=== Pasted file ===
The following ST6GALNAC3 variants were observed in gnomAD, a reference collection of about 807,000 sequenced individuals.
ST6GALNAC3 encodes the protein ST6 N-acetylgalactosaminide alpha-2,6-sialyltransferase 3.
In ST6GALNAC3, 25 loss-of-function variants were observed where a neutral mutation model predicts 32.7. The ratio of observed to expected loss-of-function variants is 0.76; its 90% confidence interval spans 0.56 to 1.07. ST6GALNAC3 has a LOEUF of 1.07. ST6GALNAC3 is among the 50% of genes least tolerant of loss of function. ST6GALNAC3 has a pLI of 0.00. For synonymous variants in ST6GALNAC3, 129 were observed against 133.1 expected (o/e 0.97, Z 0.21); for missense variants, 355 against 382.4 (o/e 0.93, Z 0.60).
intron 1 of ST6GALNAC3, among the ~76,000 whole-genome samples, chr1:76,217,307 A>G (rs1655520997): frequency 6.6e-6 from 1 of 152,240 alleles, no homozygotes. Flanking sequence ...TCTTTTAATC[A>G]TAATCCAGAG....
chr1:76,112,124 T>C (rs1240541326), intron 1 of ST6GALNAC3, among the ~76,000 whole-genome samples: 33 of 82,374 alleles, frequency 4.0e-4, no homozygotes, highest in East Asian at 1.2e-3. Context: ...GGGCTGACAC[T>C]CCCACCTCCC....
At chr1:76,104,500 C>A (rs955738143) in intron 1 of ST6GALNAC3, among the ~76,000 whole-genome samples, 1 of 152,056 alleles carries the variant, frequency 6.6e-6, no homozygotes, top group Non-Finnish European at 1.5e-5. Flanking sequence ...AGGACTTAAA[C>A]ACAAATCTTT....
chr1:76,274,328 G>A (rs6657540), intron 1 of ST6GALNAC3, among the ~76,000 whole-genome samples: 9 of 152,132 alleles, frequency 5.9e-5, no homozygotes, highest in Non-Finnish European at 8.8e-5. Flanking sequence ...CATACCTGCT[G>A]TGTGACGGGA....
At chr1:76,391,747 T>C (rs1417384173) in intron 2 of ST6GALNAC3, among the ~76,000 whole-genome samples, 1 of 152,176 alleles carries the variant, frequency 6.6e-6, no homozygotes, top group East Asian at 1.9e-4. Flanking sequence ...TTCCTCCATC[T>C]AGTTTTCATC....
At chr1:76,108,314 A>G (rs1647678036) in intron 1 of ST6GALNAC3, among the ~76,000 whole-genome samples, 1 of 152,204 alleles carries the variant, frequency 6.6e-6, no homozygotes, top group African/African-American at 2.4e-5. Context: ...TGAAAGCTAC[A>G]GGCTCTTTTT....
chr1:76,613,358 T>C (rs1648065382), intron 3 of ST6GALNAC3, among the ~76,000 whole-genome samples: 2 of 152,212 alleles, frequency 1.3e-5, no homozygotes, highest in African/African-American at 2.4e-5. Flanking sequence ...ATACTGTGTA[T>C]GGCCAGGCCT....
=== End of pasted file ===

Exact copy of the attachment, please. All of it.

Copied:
The following ST6GALNAC3 variants were observed in gnomAD, a reference collection of about 807,000 sequenced individuals.
ST6GALNAC3 encodes the protein ST6 N-acetylgalactosaminide alpha-2,6-sialyltransferase 3.
In ST6GALNAC3, 25 loss-of-function variants were observed where a neutral mutation model predicts 32.7. The ratio of observed to expected loss-of-function variants is 0.76; its 90% confidence interval spans 0.56 to 1.07. ST6GALNAC3 has a LOEUF of 1.07. ST6GALNAC3 is among the 50% of genes least tolerant of loss of function. ST6GALNAC3 has a pLI of 0.00. For synonymous variants in ST6GALNAC3, 129 were observed against 133.1 expected (o/e 0.97, Z 0.21); for missense variants, 355 against 382.4 (o/e 0.93, Z 0.60).
intron 1 of ST6GALNAC3, among the ~76,000 whole-genome samples, chr1:76,217,307 A>G (rs1655520997): frequency 6.6e-6 from 1 of 152,240 alleles, no homozygotes. Flanking sequence ...TCTTTTAATC[A>G]TAATCCAGAG....
chr1:76,112,124 T>C (rs1240541326), intron 1 of ST6GALNAC3, among the ~76,000 whole-genome samples: 33 of 82,374 alleles, frequency 4.0e-4, no homozygotes, highest in East Asian at 1.2e-3. Context: ...GGGCTGACAC[T>C]CCCACCTCCC....
At chr1:76,104,500 C>A (rs955738143) in intron 1 of ST6GALNAC3, among the ~76,000 whole-genome samples, 1 of 152,056 alleles carries the variant, frequency 6.6e-6, no homozygotes, top group Non-Finnish European at 1.5e-5. Flanking sequence ...AGGACTTAAA[C>A]ACAAATCTTT....
chr1:76,274,328 G>A (rs6657540), intron 1 of ST6GALNAC3, among the ~76,000 whole-genome samples: 9 of 152,132 alleles, frequency 5.9e-5, no homozygotes, highest in Non-Finnish European at 8.8e-5. Flanking sequence ...CATACCTGCT[G>A]TGTGACGGGA....
At chr1:76,391,747 T>C (rs1417384173) in intron 2 of ST6GALNAC3, among the ~76,000 whole-genome samples, 1 of 152,176 alleles carries the variant, frequency 6.6e-6, no homozygotes, top group East Asian at 1.9e-4. Flanking sequence ...TTCCTCCATC[T>C]AGTTTTCATC....
At chr1:76,108,314 A>G (rs1647678036) in intron 1 of ST6GALNAC3, among the ~76,000 whole-genome samples, 1 of 152,204 alleles carries the variant, frequency 6.6e-6, no homozygotes, top group African/African-American at 2.4e-5. Context: ...TGAAAGCTAC[A>G]GGCTCTTTTT....
chr1:76,613,358 T>C (rs1648065382), intron 3 of ST6GALNAC3, among the ~76,000 whole-genome samples: 2 of 152,212 alleles, frequency 1.3e-5, no homozygotes, highest in African/African-American at 2.4e-5. Flanking sequence ...ATACTGTGTA[T>C]GGCCAGGCCT....